Sta Hungry Stay Foolish

Stay Hungry. Stay Foolish.

A blog by Leon Oudejans

Sorrow never comes too late and happiness too swiftly flies

My title is borrowed from the 1768 poem Ode on a Distant Prospect of Eton College by Thomas Gray (1716-1771). I suppose those words express what I’ve been feeling for some time. I’ve been entering the doubtfear phase of our (eternal) cycle of Doubt, Fear, Hope & Love.

This poem is famous for its last two lines of its final verse. I have added the third-last line for context:

Thought would destroy their paradise.
No more; where ignorance is bliss,
‘Tis folly to be wise.

Excerpt of the final verse of Ode on a Distant Prospect of Eton College (1768)

Perhaps, I’m overthinking the situation – once again (eg, my 2020 blog). I suppose I’m prone to overthinking. Indeed, thought can destroy your paradise. Sorrow acts like a cleansing though. Soon, I will come to terms with the situation, and accept that it is what it is, and nothing more than that.

I suppose any paradise is based on its potential while any potential is based on its expectations. Usually, reality has a habit of disappointing the “owner” of such expectations. Moreover, my situation might be a simple case of the one who travels too fast, will travel alone (eg, example)

In 1890, William James (1842-1910) wrote his book The Principles of Psychology. His general law of perception is: “Whilst part of what we perceive comes through our senses from the object before us, another part (and it may be the larger part) always comes out of our own mind.” (source-1, source-2)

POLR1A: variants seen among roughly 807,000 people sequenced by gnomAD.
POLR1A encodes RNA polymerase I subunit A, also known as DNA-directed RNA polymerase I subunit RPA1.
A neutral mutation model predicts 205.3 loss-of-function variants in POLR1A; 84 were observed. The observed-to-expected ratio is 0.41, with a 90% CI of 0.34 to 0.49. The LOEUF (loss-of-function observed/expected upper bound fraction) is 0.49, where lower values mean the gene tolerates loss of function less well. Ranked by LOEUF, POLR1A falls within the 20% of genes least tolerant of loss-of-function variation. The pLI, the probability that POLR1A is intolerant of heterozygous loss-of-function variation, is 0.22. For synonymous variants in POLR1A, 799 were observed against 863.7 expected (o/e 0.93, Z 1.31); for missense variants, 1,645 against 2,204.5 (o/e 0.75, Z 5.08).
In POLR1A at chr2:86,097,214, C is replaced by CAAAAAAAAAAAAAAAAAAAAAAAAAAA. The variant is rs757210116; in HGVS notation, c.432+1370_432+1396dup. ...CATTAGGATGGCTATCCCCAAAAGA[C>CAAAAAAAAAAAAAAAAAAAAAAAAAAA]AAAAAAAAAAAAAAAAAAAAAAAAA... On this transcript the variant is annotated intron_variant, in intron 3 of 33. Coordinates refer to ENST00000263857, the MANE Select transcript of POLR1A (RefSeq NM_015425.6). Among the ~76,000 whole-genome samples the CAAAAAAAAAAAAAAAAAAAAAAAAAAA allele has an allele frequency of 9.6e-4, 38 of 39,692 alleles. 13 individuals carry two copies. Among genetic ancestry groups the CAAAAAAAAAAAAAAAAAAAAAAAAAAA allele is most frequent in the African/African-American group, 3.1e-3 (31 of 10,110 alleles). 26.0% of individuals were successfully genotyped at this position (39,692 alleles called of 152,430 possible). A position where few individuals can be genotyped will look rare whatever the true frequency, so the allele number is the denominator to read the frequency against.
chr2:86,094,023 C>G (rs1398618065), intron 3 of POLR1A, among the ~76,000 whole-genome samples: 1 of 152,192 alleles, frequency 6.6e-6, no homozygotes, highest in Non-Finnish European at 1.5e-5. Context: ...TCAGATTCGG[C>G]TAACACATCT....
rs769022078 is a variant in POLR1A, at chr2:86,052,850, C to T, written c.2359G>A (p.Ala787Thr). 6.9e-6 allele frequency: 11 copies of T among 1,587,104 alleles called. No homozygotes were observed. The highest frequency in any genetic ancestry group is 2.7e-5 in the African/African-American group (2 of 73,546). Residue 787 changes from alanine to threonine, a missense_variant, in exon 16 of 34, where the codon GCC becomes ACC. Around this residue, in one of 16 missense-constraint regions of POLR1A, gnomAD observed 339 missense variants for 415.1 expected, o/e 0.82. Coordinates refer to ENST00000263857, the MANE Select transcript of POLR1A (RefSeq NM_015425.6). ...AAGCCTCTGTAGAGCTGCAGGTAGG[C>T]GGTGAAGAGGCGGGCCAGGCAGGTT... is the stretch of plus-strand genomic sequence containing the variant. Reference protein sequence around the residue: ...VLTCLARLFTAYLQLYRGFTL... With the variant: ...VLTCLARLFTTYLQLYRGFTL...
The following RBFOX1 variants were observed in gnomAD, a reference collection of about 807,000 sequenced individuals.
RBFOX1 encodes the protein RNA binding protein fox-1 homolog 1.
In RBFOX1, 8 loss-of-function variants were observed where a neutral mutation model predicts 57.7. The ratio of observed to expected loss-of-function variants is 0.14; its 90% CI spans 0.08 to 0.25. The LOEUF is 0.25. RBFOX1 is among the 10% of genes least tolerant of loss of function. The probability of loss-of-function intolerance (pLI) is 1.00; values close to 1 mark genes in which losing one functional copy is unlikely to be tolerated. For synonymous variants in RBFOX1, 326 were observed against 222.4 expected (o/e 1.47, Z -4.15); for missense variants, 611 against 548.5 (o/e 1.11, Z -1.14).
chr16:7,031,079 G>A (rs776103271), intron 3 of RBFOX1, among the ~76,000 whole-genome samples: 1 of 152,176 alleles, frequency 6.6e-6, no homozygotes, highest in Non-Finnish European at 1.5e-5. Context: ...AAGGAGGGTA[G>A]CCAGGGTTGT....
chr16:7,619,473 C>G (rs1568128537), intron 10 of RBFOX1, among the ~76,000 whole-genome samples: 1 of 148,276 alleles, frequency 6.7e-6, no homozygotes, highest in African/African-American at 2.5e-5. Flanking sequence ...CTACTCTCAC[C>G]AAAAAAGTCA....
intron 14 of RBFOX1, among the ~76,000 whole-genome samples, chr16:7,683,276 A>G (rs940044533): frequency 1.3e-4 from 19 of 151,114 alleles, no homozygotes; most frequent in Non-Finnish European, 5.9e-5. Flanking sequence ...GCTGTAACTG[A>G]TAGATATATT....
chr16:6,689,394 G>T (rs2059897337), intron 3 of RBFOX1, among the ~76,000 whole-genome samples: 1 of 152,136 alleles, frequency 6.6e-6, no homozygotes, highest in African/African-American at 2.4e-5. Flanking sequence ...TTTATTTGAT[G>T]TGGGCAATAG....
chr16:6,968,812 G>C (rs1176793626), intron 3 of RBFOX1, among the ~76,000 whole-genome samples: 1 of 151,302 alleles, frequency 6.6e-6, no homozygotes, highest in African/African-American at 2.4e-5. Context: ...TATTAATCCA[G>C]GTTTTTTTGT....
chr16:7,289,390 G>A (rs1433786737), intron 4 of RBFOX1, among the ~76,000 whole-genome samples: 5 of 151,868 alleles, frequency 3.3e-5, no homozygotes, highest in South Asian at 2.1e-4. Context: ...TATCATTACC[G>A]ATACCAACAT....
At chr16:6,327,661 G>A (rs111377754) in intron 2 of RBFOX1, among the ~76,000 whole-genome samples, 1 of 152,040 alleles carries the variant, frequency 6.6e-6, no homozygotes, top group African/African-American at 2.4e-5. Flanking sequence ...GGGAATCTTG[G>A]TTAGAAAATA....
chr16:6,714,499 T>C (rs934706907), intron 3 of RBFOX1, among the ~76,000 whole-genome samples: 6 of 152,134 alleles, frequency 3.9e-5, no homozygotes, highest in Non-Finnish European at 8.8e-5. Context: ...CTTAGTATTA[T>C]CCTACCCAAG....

“He further noted that “each of us literally chooses, by his ways of attending to things, what sort of universe he shall appear to himself to inhabit.” It’s not that we passively experience reality so much as we actively construct it. We make choices in what we notice, dwell on, evaluate, and interpret.” (source)

I suppose my overthinking is creating a perception of reality which is either correct, premature, or just wrong.

Hence, the quote by Kahlil Gibran below.

“We choose our joys and sorrows long before we experience them.”

A quote by Kahlil Gibran (1883-1931), a Lebanese-American writer and poet

A Dutch equivalent – and “explanation” – of the Kahlil Gibran quote above is as follows:

Een mens lijdt dikwijls ’t meest
Door ’t lijden dat hij vreest
Doch dat nooit op komt dagen.
Zo heeft hij meer te dragen
Dan God te dragen geeft.

Source-1, source-2

A person often suffers the most
from the suffering that he fears
but which will never transpire.
Hence, he suffers more
than God will make him carry.

Paradise (2011) by Coldplay
band, lyrics, video, Wiki-band, Wiki-song

Life goes on, it gets so heavy
The wheel breaks the butterfly
Every tear, a waterfall
In the night, the stormy night, she’d close her eyes
In the night, the stormy night, away she’d fly

Note: all markings (bolditalicunderlining) by LO unless in quotes or stated otherwise.


Framework Posts


Submit a Comment

Your email address will not be published. Required fields are marked *

Pin It on Pinterest